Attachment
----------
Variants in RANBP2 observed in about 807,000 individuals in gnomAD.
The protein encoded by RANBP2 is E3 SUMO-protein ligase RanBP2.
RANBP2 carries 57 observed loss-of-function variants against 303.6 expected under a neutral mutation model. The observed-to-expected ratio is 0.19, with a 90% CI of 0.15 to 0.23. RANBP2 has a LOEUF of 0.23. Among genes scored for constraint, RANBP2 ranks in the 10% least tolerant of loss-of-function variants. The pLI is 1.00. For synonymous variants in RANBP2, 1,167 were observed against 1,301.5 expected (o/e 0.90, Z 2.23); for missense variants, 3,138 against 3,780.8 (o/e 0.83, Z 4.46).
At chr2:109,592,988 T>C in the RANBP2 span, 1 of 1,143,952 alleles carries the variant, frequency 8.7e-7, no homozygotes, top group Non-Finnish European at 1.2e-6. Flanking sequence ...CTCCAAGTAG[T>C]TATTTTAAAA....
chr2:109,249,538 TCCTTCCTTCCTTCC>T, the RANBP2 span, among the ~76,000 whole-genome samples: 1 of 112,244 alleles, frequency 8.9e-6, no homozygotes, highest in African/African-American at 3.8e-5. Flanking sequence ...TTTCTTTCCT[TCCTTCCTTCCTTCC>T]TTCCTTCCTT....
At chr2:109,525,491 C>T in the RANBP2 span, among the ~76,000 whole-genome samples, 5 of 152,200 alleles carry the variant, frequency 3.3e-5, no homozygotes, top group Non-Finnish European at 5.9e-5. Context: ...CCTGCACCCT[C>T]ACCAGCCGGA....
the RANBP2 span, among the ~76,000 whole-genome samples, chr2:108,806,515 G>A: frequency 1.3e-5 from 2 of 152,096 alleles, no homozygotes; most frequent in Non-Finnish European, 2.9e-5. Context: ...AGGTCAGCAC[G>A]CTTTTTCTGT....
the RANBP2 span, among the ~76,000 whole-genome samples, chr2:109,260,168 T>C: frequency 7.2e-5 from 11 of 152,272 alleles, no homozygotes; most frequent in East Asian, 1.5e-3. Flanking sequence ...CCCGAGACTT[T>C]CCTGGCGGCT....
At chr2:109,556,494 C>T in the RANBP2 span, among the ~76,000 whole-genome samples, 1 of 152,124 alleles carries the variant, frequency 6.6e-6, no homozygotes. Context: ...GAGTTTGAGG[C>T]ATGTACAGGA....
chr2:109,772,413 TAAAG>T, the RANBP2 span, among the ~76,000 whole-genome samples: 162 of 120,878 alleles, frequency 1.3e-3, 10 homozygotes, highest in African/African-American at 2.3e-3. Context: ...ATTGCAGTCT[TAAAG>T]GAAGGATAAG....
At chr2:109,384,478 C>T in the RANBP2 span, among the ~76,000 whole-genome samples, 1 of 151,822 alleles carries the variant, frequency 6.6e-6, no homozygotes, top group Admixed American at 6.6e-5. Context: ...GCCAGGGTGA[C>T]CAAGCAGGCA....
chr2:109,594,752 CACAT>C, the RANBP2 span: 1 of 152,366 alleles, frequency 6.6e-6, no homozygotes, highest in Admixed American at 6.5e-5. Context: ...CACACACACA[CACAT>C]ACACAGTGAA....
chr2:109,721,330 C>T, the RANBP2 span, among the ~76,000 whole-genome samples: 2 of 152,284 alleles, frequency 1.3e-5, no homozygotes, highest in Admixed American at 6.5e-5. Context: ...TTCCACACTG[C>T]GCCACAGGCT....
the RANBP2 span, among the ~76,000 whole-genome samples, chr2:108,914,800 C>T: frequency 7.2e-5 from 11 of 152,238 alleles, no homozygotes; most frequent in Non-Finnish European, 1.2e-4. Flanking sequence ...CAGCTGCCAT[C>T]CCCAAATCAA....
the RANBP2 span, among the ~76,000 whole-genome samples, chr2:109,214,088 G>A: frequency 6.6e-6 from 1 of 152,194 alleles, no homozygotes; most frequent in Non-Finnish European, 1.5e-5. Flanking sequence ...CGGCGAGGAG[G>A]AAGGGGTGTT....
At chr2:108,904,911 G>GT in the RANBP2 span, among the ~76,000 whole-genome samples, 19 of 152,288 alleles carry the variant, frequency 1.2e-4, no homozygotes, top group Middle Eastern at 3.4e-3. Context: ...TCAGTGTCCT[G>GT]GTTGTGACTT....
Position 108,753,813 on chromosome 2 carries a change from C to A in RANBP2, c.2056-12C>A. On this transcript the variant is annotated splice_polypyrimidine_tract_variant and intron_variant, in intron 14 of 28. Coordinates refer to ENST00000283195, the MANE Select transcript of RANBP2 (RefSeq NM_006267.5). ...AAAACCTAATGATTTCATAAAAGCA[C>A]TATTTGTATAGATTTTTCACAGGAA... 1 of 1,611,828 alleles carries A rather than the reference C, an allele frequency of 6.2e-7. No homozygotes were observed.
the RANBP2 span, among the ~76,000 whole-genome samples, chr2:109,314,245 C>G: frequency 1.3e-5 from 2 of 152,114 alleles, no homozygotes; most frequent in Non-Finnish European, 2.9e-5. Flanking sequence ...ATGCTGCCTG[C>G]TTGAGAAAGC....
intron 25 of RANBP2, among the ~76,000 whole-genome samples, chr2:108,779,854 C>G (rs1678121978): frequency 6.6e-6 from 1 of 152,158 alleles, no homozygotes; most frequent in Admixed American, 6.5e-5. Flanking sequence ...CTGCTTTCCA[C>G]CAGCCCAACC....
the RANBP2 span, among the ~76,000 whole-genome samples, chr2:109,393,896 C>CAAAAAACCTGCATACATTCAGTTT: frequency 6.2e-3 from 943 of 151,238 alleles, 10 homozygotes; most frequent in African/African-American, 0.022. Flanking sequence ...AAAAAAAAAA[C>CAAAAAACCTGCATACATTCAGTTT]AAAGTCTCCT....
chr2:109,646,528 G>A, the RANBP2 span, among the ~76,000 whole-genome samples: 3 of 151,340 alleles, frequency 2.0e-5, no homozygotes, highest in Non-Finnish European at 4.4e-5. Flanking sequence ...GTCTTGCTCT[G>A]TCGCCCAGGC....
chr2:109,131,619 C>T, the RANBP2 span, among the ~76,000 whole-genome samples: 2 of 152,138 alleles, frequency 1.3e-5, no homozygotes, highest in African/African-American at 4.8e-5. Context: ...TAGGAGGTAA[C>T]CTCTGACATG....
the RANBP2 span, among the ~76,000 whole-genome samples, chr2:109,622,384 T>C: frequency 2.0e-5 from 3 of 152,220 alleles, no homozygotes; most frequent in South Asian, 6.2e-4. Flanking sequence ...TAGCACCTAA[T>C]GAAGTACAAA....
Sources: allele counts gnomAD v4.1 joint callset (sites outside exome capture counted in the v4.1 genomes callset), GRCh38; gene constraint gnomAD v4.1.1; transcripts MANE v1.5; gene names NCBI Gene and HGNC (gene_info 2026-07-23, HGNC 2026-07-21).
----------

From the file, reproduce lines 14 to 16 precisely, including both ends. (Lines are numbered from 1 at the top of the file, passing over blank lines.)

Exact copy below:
the RANBP2 span, among the ~76,000 whole-genome samples, chr2:108,914,800 C>T: frequency 7.2e-5 from 11 of 152,238 alleles, no homozygotes; most frequent in Non-Finnish European, 1.2e-4. Flanking sequence ...CAGCTGCCAT[C>T]CCCAAATCAA....
the RANBP2 span, among the ~76,000 whole-genome samples, chr2:109,214,088 G>A: frequency 6.6e-6 from 1 of 152,194 alleles, no homozygotes; most frequent in Non-Finnish European, 1.5e-5. Flanking sequence ...CGGCGAGGAG[G>A]AAGGGGTGTT....
At chr2:108,904,911 G>GT in the RANBP2 span, among the ~76,000 whole-genome samples, 19 of 152,288 alleles carry the variant, frequency 1.2e-4, no homozygotes, top group Middle Eastern at 3.4e-3. Context: ...TCAGTGTCCT[G>GT]GTTGTGACTT....